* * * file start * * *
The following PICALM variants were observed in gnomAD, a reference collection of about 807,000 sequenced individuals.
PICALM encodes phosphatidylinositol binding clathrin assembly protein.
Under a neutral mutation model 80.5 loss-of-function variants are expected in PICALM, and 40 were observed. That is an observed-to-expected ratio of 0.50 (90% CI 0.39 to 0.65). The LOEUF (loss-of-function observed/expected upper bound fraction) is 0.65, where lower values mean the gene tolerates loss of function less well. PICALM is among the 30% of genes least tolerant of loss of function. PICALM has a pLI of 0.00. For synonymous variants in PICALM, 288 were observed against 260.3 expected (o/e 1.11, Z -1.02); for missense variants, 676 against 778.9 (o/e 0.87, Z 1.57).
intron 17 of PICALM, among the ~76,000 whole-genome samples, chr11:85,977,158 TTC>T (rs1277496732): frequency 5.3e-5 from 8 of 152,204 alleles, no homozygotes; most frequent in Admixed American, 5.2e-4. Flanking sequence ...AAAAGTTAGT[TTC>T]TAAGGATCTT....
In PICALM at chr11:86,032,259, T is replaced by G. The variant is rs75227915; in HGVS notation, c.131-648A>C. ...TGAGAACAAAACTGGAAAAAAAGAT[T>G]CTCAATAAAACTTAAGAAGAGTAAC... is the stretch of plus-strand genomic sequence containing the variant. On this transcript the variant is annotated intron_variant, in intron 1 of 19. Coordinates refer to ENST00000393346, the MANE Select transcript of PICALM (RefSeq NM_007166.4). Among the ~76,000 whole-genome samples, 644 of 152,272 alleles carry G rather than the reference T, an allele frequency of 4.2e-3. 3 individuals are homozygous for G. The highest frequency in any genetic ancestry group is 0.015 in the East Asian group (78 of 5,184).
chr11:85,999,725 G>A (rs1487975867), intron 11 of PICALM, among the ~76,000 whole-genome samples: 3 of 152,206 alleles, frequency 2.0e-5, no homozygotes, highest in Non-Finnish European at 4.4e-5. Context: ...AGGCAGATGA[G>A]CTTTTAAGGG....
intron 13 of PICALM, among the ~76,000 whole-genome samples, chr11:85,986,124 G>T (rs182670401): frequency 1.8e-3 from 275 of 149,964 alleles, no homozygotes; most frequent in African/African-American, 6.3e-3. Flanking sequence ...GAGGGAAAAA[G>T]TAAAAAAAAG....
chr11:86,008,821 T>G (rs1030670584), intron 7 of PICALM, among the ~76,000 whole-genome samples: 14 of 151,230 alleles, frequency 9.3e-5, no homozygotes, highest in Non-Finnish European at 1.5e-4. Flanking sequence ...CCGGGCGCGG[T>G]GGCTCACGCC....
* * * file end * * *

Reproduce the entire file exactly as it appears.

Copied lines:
The following PICALM variants were observed in gnomAD, a reference collection of about 807,000 sequenced individuals.
PICALM encodes phosphatidylinositol binding clathrin assembly protein.
Under a neutral mutation model 80.5 loss-of-function variants are expected in PICALM, and 40 were observed. That is an observed-to-expected ratio of 0.50 (90% CI 0.39 to 0.65). The LOEUF (loss-of-function observed/expected upper bound fraction) is 0.65, where lower values mean the gene tolerates loss of function less well. PICALM is among the 30% of genes least tolerant of loss of function. PICALM has a pLI of 0.00. For synonymous variants in PICALM, 288 were observed against 260.3 expected (o/e 1.11, Z -1.02); for missense variants, 676 against 778.9 (o/e 0.87, Z 1.57).
intron 17 of PICALM, among the ~76,000 whole-genome samples, chr11:85,977,158 TTC>T (rs1277496732): frequency 5.3e-5 from 8 of 152,204 alleles, no homozygotes; most frequent in Admixed American, 5.2e-4. Flanking sequence ...AAAAGTTAGT[TTC>T]TAAGGATCTT....
In PICALM at chr11:86,032,259, T is replaced by G. The variant is rs75227915; in HGVS notation, c.131-648A>C. ...TGAGAACAAAACTGGAAAAAAAGAT[T>G]CTCAATAAAACTTAAGAAGAGTAAC... is the stretch of plus-strand genomic sequence containing the variant. On this transcript the variant is annotated intron_variant, in intron 1 of 19. Coordinates refer to ENST00000393346, the MANE Select transcript of PICALM (RefSeq NM_007166.4). Among the ~76,000 whole-genome samples, 644 of 152,272 alleles carry G rather than the reference T, an allele frequency of 4.2e-3. 3 individuals are homozygous for G. The highest frequency in any genetic ancestry group is 0.015 in the East Asian group (78 of 5,184).
chr11:85,999,725 G>A (rs1487975867), intron 11 of PICALM, among the ~76,000 whole-genome samples: 3 of 152,206 alleles, frequency 2.0e-5, no homozygotes, highest in Non-Finnish European at 4.4e-5. Context: ...AGGCAGATGA[G>A]CTTTTAAGGG....
intron 13 of PICALM, among the ~76,000 whole-genome samples, chr11:85,986,124 G>T (rs182670401): frequency 1.8e-3 from 275 of 149,964 alleles, no homozygotes; most frequent in African/African-American, 6.3e-3. Flanking sequence ...GAGGGAAAAA[G>T]TAAAAAAAAG....
chr11:86,008,821 T>G (rs1030670584), intron 7 of PICALM, among the ~76,000 whole-genome samples: 14 of 151,230 alleles, frequency 9.3e-5, no homozygotes, highest in Non-Finnish European at 1.5e-4. Flanking sequence ...CCGGGCGCGG[T>G]GGCTCACGCC....